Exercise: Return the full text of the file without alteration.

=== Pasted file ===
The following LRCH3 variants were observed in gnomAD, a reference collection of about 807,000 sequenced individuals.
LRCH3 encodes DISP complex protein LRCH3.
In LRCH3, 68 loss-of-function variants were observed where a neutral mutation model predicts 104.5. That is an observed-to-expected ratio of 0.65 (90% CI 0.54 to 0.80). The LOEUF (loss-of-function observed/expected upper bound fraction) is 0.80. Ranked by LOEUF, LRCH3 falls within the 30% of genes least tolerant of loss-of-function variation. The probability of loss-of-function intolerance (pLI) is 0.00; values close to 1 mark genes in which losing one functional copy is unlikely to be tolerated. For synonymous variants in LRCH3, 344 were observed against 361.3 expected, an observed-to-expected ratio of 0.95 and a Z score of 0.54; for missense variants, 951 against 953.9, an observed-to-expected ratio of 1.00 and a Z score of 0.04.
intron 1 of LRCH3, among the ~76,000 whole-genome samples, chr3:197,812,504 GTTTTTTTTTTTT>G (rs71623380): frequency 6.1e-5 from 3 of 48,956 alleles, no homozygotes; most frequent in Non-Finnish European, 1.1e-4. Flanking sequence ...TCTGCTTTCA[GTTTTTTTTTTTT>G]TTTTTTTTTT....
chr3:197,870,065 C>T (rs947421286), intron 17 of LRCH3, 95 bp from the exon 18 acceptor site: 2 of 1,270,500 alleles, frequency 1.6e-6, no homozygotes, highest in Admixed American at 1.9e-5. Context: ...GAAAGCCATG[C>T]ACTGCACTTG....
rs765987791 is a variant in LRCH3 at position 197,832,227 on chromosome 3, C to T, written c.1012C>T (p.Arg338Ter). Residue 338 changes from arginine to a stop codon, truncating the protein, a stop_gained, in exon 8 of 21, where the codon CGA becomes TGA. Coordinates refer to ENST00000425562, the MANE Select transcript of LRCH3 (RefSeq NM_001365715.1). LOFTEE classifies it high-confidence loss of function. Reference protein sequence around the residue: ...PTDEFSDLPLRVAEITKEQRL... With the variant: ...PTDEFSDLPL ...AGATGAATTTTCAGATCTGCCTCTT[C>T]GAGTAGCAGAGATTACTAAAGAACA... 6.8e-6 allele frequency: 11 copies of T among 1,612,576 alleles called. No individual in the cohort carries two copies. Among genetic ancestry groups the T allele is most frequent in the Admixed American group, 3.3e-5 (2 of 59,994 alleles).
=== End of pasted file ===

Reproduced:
The following LRCH3 variants were observed in gnomAD, a reference collection of about 807,000 sequenced individuals.
LRCH3 encodes DISP complex protein LRCH3.
In LRCH3, 68 loss-of-function variants were observed where a neutral mutation model predicts 104.5. That is an observed-to-expected ratio of 0.65 (90% CI 0.54 to 0.80). The LOEUF (loss-of-function observed/expected upper bound fraction) is 0.80. Ranked by LOEUF, LRCH3 falls within the 30% of genes least tolerant of loss-of-function variation. The probability of loss-of-function intolerance (pLI) is 0.00; values close to 1 mark genes in which losing one functional copy is unlikely to be tolerated. For synonymous variants in LRCH3, 344 were observed against 361.3 expected, an observed-to-expected ratio of 0.95 and a Z score of 0.54; for missense variants, 951 against 953.9, an observed-to-expected ratio of 1.00 and a Z score of 0.04.
intron 1 of LRCH3, among the ~76,000 whole-genome samples, chr3:197,812,504 GTTTTTTTTTTTT>G (rs71623380): frequency 6.1e-5 from 3 of 48,956 alleles, no homozygotes; most frequent in Non-Finnish European, 1.1e-4. Flanking sequence ...TCTGCTTTCA[GTTTTTTTTTTTT>G]TTTTTTTTTT....
chr3:197,870,065 C>T (rs947421286), intron 17 of LRCH3, 95 bp from the exon 18 acceptor site: 2 of 1,270,500 alleles, frequency 1.6e-6, no homozygotes, highest in Admixed American at 1.9e-5. Context: ...GAAAGCCATG[C>T]ACTGCACTTG....
rs765987791 is a variant in LRCH3 at position 197,832,227 on chromosome 3, C to T, written c.1012C>T (p.Arg338Ter). Residue 338 changes from arginine to a stop codon, truncating the protein, a stop_gained, in exon 8 of 21, where the codon CGA becomes TGA. Coordinates refer to ENST00000425562, the MANE Select transcript of LRCH3 (RefSeq NM_001365715.1). LOFTEE classifies it high-confidence loss of function. Reference protein sequence around the residue: ...PTDEFSDLPLRVAEITKEQRL... With the variant: ...PTDEFSDLPL ...AGATGAATTTTCAGATCTGCCTCTT[C>T]GAGTAGCAGAGATTACTAAAGAACA... 6.8e-6 allele frequency: 11 copies of T among 1,612,576 alleles called. No individual in the cohort carries two copies. Among genetic ancestry groups the T allele is most frequent in the Admixed American group, 3.3e-5 (2 of 59,994 alleles).